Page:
Interview with Marina Pepper/G20 Meltdown

Originally published in May 2009.

Your public strategy in the run-up to the protests at Bank was rather unorthodox. On the one hand you stressed your image of tea-drinking hippies, on the other hand people from your group spoke of immanent revolution and ‘mutually assured destruction’ if the police attacked. Was this deliberate?

Tea drinking I am sure you know really is hardly the preserve of hippies. Tea drinking as a pastime and a ritual is symbolic on many levels. Tea drinking fueled the Blitz spirit, the American Revolution (think Boston tea party), it’s served at funerals, in cricket pavilions. The Queen drinks it, the workers drink it. No problem is ever worse after a cup of it. I’ve long been serving it on the frontline because it breaks the ice. Somehow the police are more trusting when you have a bone china cup of Darjeeling and a saucer in your hand. It goes so well with cake, too.

The idea of drinking tea and sharing food allowed us to promote the idea that coming out to G20 Meltdown was spikey enough, in that we were going to close the city roads, but a positive, civilized affair all the same. Like in the Asterix comic: when Asterix and friends fought the English, everyone stopped fighting to take tea. We were facilitating not a riot, but a very English revolution – as opposed to a Greek one - to which all races and nations were invited, to come and get stuck in.

It was all going so well. Then one individual got carried away. I guess it was in response to the police describing the future as a “summer of rage”, statements suggesting the police were “up for it.” Very unhelpful. I was beside myself when I saw the first interview on Channel 4 regarding mutually assured destruction.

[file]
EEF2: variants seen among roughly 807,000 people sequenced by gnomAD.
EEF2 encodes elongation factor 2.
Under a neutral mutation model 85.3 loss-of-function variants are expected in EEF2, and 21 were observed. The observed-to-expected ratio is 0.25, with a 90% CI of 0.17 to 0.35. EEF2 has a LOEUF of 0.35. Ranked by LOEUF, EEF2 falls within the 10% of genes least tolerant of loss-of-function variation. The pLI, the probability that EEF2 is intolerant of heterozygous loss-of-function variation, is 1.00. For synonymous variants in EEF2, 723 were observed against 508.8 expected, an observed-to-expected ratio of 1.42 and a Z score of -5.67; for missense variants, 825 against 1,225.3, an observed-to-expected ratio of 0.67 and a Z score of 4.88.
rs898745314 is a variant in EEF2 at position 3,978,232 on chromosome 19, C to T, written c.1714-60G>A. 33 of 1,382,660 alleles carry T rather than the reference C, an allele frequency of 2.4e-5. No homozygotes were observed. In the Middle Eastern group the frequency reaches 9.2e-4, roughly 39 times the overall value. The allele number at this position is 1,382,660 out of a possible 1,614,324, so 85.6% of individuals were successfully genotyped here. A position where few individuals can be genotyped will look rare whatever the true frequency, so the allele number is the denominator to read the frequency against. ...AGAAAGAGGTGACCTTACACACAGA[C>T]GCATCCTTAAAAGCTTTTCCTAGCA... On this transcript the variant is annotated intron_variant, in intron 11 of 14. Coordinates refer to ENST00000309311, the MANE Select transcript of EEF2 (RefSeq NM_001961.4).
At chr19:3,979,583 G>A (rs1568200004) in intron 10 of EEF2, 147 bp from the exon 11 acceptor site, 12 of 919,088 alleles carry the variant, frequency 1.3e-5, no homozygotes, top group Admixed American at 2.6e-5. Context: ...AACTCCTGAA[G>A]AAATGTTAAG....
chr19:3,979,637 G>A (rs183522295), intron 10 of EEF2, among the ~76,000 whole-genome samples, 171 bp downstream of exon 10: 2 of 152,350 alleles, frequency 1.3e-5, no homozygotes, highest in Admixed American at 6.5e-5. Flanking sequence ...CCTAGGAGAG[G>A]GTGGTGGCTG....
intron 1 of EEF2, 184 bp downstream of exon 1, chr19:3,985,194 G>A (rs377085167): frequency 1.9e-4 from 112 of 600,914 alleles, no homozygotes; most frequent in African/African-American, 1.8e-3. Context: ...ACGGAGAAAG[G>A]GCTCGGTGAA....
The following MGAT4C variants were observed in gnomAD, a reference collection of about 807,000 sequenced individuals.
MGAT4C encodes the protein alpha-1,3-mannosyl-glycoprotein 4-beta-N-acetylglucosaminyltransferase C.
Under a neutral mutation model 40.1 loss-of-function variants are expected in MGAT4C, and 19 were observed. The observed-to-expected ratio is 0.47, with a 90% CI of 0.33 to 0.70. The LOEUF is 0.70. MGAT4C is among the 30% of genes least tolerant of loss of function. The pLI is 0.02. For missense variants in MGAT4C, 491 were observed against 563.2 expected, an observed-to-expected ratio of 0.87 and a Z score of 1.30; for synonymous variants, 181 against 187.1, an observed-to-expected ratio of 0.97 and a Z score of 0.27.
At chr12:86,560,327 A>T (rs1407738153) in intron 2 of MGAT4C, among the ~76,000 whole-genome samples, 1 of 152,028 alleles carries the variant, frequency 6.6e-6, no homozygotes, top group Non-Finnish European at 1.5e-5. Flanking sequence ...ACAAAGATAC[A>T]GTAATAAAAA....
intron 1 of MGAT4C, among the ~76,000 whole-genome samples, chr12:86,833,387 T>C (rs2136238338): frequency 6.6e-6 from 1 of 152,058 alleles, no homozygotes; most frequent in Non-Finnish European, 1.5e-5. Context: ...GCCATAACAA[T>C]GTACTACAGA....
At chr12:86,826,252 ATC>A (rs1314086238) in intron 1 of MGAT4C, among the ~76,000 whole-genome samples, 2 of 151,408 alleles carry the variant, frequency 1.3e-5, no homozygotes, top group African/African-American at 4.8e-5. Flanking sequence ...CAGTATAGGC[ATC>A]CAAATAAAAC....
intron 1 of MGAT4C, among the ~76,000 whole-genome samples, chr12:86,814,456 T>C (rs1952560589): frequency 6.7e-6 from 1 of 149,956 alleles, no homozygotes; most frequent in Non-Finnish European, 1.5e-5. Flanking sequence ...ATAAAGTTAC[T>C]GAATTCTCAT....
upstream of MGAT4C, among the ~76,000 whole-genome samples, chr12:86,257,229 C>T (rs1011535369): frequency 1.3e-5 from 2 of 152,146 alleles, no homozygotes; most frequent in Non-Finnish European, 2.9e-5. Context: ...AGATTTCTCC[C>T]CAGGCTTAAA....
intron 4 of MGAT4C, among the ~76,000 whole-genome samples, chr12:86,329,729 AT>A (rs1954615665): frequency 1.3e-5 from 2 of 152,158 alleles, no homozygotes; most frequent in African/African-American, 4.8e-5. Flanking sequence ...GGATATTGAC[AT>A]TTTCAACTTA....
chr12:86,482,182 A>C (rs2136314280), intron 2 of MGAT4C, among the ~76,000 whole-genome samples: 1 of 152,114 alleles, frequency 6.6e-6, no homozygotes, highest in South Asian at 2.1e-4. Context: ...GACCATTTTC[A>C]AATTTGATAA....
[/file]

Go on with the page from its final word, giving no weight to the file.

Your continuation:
The fact is, he had no right to offer mutually assured destruction as an option because, quite frankly, we didn’t have that kind of army available to match the threat. As was proven when the police got heavy and we all fell to their truncheons and shields. If we’d been any sort of destructive threat, Molotovs would surely have materialized. But they didn’t.

After the marches with the four horses of the apocalypse, people were kettled for hours at Bank - for many this felt very disempowering. Some blamed the disorganisation and possible tactical errors made by the G20 Meltdown group. Could it have been avoided?

In the early meetings many experienced protesters voiced their concerns that kettling could be problematical. As we couldn’t rule it out, we decided to use it to our advantage. Let the police blockade the roads, much easier than us having to do it. So that was the plan. Bring tea, cake, food to share, something to sit on, music etc and enjoy the kettle. I think it worked to a certain extent.

But so many people came who were new to direct action, who thought they were on a march or something. They came without any supplies. We put our kettle on and people kept asking to buy tea from us. We said: “We’ll swap you tea for your water.” They didn’t even have water with them.

Kettling can be – and was for many - disempowering. It’s boring – and extremely annoying when you need the loo. We have to overcome this by utilising the time. I wish we’d had half the artists they had floating round at climate camp. We needed more entertainment – although the reggae band kept us going on Threadneedle St. A makeshift ladies loo over a drain materialized. More such initiatives were needed.